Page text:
For example, in the chapter on Islam (page 150 of Volume 1), Notgrass states, "Muhammad believed that Allah gave him permission to use force to convert unbelievers. He called this effort at persuasion jihad or holy war." This is a misrepresentation of the actual teaching of Muhammad in particular and Islam in general. Jihad, according to those who practice it, is holy struggle and begins with the individual practitioner—holy war can only truly be understood in this context. We are not advocates for Islam, but we do not believe it is possible to legitimately offer a critique of any belief system based on a faulty presentation of that system. It's interesting to note that, while there are sources listed for most lessons in the back of the book, there are no sources listed for the Islam chapter (or for most of the other chapters concerning world religions).
There are other concerns throughout the student text, many stemming from Notgrass's presentation of his own view of Christianity as the only correct one. In the units on Eastern Europe and Russia, there are a handful of passing references to the Orthodox Church, but no description of what it is or in-depth analysis of how its existence and presence in Ukraine and Russia have shaped the people and events of those lands. Communism, on the other hand, is given quite a bit of space. There's no mention of Orthodoxy in the sections on Greece or the Middle East, either.
One particularly odd statement comes in Volume 2 of the student text on page 501: "The Bible teaches that God is sovereign, holy, complete, and eternal; whereas evil is a lesser power and is partial and temporary." The statements about God are obviously true and held in common by all Christians. The statement about evil, however, smacks a little of Manicheanism—while evil is certainly real, it is not a thing in itself. God did not create evil, and therefore to call it a "force" sounds a bit too much like giving it status as an object.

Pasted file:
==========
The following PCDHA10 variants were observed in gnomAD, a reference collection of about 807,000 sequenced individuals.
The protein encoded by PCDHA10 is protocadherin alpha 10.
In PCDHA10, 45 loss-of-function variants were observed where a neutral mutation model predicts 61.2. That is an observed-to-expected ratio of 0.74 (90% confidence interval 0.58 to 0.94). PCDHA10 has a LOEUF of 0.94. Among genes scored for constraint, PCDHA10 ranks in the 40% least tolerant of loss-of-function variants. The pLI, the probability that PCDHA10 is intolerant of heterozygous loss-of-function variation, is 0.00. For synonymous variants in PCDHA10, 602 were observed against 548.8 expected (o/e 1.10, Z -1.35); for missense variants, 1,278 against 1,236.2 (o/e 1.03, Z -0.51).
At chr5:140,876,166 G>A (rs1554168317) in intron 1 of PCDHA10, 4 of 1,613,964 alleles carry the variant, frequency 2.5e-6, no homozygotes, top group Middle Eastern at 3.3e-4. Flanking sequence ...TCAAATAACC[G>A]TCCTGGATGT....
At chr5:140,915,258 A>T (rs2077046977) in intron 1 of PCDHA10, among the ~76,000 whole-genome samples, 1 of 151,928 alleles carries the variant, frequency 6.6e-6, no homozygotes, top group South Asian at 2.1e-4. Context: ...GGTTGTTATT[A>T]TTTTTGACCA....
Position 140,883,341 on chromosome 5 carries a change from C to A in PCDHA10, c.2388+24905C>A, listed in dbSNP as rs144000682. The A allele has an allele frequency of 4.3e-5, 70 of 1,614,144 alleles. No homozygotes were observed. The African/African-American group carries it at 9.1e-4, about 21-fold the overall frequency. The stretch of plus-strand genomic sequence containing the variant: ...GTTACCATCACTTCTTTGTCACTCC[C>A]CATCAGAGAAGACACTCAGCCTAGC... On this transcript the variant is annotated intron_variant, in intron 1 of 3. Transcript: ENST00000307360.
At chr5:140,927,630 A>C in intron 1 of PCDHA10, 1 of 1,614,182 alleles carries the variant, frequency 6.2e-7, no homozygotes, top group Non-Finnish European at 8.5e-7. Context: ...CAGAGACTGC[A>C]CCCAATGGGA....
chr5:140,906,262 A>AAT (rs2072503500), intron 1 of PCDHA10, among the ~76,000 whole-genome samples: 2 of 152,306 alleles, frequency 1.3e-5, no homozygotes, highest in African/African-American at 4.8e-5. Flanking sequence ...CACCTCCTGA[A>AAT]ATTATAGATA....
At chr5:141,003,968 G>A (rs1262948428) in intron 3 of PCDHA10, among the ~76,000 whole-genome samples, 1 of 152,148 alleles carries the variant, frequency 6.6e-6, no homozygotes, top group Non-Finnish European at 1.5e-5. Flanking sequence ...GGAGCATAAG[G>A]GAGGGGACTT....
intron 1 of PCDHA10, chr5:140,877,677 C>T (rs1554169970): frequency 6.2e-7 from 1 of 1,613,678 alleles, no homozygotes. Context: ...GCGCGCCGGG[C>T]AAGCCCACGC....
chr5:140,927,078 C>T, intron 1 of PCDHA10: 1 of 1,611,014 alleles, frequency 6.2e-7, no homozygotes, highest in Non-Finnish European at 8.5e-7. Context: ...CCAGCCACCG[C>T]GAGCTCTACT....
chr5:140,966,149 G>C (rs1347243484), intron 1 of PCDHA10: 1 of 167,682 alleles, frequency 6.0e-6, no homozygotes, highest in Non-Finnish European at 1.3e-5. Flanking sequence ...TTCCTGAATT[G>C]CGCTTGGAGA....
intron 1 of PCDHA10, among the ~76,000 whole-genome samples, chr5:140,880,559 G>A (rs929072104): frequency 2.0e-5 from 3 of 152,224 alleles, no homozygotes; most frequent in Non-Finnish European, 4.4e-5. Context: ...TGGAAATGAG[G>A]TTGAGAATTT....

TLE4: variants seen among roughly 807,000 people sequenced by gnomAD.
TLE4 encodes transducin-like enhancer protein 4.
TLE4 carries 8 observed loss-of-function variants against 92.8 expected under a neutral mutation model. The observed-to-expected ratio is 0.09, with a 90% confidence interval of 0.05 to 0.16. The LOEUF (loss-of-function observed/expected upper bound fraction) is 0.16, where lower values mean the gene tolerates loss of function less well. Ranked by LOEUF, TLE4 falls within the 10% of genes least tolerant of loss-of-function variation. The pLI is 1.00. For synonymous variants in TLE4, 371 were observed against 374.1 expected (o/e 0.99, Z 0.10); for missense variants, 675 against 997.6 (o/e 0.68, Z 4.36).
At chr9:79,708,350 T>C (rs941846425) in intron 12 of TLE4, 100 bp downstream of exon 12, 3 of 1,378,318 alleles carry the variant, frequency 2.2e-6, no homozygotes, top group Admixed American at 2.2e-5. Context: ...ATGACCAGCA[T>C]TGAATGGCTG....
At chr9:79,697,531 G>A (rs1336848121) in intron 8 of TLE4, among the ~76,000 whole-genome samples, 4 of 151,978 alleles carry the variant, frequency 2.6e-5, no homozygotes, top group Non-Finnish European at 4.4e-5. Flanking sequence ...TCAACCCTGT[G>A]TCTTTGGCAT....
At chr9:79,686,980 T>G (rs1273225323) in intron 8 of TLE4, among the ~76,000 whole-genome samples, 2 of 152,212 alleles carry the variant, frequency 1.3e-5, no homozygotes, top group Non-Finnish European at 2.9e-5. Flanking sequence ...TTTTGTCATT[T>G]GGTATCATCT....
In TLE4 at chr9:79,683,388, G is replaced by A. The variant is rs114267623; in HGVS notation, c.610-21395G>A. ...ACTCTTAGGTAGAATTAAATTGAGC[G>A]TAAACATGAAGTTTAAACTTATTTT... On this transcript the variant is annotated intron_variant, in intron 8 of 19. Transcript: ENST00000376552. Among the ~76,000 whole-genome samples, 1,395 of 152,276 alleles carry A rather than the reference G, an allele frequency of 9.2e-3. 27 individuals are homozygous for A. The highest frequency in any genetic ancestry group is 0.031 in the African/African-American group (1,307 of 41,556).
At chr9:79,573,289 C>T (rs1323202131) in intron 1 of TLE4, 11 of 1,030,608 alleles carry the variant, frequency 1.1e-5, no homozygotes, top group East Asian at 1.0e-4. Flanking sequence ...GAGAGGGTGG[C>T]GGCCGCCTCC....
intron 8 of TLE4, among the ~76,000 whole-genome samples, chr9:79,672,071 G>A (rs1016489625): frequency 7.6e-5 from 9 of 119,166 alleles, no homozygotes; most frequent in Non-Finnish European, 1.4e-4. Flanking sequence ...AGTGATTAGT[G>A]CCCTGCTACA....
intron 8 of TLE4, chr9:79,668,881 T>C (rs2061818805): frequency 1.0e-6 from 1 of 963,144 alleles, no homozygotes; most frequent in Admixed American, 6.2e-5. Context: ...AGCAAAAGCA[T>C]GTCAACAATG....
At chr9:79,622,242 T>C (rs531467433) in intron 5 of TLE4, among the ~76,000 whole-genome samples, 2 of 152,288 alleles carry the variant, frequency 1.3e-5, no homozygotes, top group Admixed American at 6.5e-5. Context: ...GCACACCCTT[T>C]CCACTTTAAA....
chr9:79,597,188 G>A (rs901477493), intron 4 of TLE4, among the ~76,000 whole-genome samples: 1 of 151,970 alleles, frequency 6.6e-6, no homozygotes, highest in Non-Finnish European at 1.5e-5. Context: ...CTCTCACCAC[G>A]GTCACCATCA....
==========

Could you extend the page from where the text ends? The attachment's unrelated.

This is the first edition of Exploring World Geography. It is our hope that future versions will be revised and some of these problematic aspects resolved. As we mentioned before, there's a lot to be said for the multi-disciplinary approach, and this will provide students with a basic overview of world geography. However, we have some serious reservations about the way the information is presented and which content is included and what is left out.
While you can technically use Exploring World Geography at any high school level, we recommend it for freshmen (9th grade) and not for older students. If you're looking for a really solid human geography program from a Christian perspective, we recommend Cultural Geography for 9th grade from Bob Jones Press. For an excellent physical geography program, we recommend Welcome to the Wonderful World of Geography by Brenda Runkle.